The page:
Every Child

Has Two Parents


Grieving Japanese Parents Seek Comfort, Empowerment from Americans by Amy Savoie


Imagine coming home from an errand one day to find your children and spouse have vanished —and this horrifying discovery is only the beginning of the nightmare that will conclude with 1) your eventual divorce and 2) the complete and immediate alienation from your children.

No phone calls, no birthday parties, no taking a trip to the store for an ice cream cone, no parent-child visitation whatsoever. Never. And all without a good-bye hug.

This is a "Japanese divorce,'' where the first parent to the steal the kids wins custody, and the left-behind parent agonizes over his or her last memory of the children. If only I had known that I would never see them again …

This incomprehensible reality, and the lack of any recourse in the Japanese family court system, has been, until recently, Japan's peculiar and hidden secret. While other nations think such a system is bizarre and even barbaric, in Japan it is normal for the left-behind parent to be completely "cut out'' of a child's life following the breakup of a marriage.

This peculiarity stems from the fact that in Japan 1) parental abduction is not considered to be a crime, and 2) only one parent is given custody following a divorce. Since Japanese police do not get involved in family matters, divorces in Japan routinely start with a proactive and strategic abduction of the children and end with the abductor being awarded sole, permanent custody. In other words, the kidnapper is rewarded for his or her audacity.

In most cases, the Japanese mother pre-emptively commits the first kidnapping, but thousands of fathers have likewise wrested custody from mothers in this same bizarre and devastating manner.

Global community is learning truth at last

With the number of international marriages exploding and the number of international divorces rising right along with it, Japanese peculiarities regarding child custody are affecting thousands of parents from countries other than Japan.

Now, international media outlets are accusing Japan of having "very strange'' divorce and child custody laws, and governments from other nations are asking questions. Japan is floundering for answers.

Japanese left-behind parents have now found themselves arm in arm with a team of unexpected allies: huge numbers of vociferous and outraged non-Japanese parents who are victims of the same injustice. Japan's Alice-in-Wonderland parental "kidnapping culture'' has yielded a legion of foreign parents, American and otherwise, who are victims of the same barbaric Japanese laws and the twisted courts that enforce them.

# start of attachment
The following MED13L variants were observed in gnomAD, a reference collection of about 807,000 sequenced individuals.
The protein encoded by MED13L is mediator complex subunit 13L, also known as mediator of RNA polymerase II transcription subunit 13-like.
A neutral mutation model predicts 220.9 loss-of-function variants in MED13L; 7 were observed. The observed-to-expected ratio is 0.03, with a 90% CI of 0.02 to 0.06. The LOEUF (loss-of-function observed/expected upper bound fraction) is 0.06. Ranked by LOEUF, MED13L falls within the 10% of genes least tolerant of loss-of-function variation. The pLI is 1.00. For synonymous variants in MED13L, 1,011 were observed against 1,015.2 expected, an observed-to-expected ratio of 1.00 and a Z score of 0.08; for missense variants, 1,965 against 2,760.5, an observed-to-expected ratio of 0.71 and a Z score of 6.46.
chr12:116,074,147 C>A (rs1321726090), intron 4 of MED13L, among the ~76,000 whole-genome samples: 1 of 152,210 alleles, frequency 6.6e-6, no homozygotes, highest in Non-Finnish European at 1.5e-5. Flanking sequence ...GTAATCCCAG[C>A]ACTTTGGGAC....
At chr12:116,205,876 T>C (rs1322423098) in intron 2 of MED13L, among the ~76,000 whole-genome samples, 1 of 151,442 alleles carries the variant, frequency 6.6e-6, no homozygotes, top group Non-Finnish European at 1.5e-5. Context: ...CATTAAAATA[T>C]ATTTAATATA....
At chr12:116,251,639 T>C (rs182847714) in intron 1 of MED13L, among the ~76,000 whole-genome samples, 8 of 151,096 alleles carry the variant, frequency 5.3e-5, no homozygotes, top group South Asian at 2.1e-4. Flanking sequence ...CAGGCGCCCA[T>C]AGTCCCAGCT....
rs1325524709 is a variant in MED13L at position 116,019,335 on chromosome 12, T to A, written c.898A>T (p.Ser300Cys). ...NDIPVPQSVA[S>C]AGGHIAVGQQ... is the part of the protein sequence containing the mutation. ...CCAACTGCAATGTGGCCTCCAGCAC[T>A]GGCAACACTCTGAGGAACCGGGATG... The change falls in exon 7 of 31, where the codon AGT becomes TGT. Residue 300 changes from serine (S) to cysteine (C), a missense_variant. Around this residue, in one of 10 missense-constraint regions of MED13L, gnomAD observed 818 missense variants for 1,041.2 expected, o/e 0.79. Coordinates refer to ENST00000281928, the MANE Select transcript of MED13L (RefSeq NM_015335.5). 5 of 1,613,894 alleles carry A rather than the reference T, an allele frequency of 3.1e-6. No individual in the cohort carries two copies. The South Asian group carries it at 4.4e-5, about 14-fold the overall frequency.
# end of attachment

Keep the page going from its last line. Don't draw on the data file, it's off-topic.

Now talented and motivated multilingual Japanese mothers and fathers are using social media to connect with worldly, multilingual parents from other countries.

Hundreds of tweets, blogs and Facebook messages are being posted hourly — in French, Spanish, English and Japanese — all strategizing to push the Japanese government to change its draconian domestic laws and to allow parental visitation, recognize joint custody as a natural right of the parent and the child, and to put an end to the all-too-common scourge of parental kidnapping of children.

For too long, the pain of the Japanese left-behind parents has been ignored by their government. They were told to get over it. This is Japanese culture. Move on. Forget about your kids.

Now, at long last, these heartbroken mothers and fathers are not only benefiting from the camaraderie and validation of foreign parents who understand their unique plight, they are basking in the sympathy of these foreign parents — sympathy that their own government has never given to them.

Amy J. Savoie is a second-year law student at the Nashville School of Law.

The information on this website concerns a matter of public interest, and is provided for educational and informational purposes only in order to raise public awareness of issues concerning left-behind parents. Unless otherwise indicated, the writers and translators of this website are not lawyers nor professional translators, so be sure to confirm anything important with your own lawyer.

Copyright © 2003-2009                                                                Contact us


Please bear with us while we reconstruct CRN Japan.  You may find links that are broken and data that is not in it’s place.  Please understand we are working to fix all issues.  Thank you for your understanding.

   Search CRN Japan

sponsored by abp world group child recovery and security www.abpworld.com